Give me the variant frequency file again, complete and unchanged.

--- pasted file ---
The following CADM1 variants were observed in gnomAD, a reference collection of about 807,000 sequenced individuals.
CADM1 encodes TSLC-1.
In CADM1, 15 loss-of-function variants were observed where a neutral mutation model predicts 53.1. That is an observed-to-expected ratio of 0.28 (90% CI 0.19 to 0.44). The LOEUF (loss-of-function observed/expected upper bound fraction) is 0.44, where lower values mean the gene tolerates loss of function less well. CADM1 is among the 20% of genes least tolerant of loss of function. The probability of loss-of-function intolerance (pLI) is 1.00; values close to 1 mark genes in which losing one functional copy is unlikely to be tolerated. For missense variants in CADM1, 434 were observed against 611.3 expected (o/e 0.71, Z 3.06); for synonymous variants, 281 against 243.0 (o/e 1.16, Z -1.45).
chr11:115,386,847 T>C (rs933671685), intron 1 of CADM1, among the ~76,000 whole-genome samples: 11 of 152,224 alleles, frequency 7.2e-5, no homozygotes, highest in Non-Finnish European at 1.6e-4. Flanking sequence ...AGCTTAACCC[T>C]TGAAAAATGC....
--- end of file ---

The following CADM1 variants were observed in gnomAD, a reference collection of about 807,000 sequenced individuals.
CADM1 encodes TSLC-1.
In CADM1, 15 loss-of-function variants were observed where a neutral mutation model predicts 53.1. That is an observed-to-expected ratio of 0.28 (90% CI 0.19 to 0.44). The LOEUF (loss-of-function observed/expected upper bound fraction) is 0.44, where lower values mean the gene tolerates loss of function less well. CADM1 is among the 20% of genes least tolerant of loss of function. The probability of loss-of-function intolerance (pLI) is 1.00; values close to 1 mark genes in which losing one functional copy is unlikely to be tolerated. For missense variants in CADM1, 434 were observed against 611.3 expected (o/e 0.71, Z 3.06); for synonymous variants, 281 against 243.0 (o/e 1.16, Z -1.45).
chr11:115,386,847 T>C (rs933671685), intron 1 of CADM1, among the ~76,000 whole-genome samples: 11 of 152,224 alleles, frequency 7.2e-5, no homozygotes, highest in Non-Finnish European at 1.6e-4. Flanking sequence ...AGCTTAACCC[T>C]TGAAAAATGC....